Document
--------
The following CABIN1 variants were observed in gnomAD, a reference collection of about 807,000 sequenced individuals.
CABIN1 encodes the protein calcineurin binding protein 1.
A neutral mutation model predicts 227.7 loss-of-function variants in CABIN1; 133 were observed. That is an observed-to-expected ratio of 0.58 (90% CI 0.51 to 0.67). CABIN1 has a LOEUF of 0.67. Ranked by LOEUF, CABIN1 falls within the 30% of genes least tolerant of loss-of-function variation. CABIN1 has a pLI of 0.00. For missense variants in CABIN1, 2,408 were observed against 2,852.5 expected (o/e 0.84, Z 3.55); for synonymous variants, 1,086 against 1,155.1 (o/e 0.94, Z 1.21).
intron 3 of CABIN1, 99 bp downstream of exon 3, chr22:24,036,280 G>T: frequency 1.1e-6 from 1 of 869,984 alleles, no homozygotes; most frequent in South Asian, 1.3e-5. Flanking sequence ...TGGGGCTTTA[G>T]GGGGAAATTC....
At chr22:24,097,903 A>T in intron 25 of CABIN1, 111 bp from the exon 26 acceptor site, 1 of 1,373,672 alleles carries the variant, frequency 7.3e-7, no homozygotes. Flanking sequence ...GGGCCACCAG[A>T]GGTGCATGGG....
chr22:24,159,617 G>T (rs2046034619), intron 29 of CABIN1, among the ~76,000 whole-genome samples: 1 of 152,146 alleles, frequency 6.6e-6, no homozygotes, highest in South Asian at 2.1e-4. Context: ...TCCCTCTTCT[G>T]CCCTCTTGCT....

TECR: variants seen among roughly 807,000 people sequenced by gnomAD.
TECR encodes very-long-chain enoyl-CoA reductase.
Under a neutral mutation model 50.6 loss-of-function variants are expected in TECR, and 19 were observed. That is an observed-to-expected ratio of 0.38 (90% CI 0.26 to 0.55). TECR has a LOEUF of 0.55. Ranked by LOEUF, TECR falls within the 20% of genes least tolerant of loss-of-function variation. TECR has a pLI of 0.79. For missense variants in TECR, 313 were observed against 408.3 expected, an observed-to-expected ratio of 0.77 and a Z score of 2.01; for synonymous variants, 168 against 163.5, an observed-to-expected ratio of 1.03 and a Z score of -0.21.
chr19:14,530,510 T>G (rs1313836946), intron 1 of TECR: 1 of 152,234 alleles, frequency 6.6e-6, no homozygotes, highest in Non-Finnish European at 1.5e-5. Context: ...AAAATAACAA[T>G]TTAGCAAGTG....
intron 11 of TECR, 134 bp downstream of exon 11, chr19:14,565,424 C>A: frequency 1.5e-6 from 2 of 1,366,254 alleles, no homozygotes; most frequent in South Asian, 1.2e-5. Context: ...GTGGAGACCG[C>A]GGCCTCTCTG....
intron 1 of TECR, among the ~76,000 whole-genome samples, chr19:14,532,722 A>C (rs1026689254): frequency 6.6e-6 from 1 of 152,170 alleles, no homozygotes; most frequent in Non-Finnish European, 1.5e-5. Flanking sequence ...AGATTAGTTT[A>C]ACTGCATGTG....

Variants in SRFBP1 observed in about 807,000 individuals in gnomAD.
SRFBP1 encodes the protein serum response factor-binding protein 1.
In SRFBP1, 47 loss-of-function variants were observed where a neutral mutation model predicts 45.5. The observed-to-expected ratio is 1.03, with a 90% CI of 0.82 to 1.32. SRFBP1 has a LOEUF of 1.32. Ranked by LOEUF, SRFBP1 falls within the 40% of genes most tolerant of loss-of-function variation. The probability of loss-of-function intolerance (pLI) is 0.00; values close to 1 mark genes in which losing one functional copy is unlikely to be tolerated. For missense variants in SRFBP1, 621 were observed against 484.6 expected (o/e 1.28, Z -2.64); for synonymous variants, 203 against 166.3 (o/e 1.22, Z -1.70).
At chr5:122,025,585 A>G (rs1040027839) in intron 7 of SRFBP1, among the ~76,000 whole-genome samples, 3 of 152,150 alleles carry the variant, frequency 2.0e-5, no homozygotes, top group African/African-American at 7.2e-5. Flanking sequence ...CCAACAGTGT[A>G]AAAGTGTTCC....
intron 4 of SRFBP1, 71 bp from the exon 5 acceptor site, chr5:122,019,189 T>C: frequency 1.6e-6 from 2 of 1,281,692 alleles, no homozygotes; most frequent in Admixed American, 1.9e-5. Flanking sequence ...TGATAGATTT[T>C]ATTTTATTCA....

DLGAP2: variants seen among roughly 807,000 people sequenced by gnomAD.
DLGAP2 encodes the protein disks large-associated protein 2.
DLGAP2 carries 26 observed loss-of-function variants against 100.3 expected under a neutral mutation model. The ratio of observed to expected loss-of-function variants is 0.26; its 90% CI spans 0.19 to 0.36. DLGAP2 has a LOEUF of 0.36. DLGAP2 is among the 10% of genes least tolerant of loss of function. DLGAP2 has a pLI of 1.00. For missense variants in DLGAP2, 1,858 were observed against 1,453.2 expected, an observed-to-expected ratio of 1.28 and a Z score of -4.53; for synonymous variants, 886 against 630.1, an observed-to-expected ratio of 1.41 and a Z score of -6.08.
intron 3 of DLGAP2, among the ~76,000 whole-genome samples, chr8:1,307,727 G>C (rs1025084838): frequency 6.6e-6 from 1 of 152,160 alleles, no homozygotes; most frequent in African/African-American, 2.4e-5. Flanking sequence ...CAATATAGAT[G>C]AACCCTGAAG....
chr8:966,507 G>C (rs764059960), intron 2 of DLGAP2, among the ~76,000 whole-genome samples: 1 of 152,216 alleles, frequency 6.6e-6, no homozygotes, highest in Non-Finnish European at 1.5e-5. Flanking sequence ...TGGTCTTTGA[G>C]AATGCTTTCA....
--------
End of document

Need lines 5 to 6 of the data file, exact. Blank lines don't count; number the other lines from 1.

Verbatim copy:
At chr22:24,097,903 A>T in intron 25 of CABIN1, 111 bp from the exon 26 acceptor site, 1 of 1,373,672 alleles carries the variant, frequency 7.3e-7, no homozygotes. Flanking sequence ...GGGCCACCAG[A>T]GGTGCATGGG....
chr22:24,159,617 G>T (rs2046034619), intron 29 of CABIN1, among the ~76,000 whole-genome samples: 1 of 152,146 alleles, frequency 6.6e-6, no homozygotes, highest in South Asian at 2.1e-4. Context: ...TCCCTCTTCT[G>T]CCCTCTTGCT....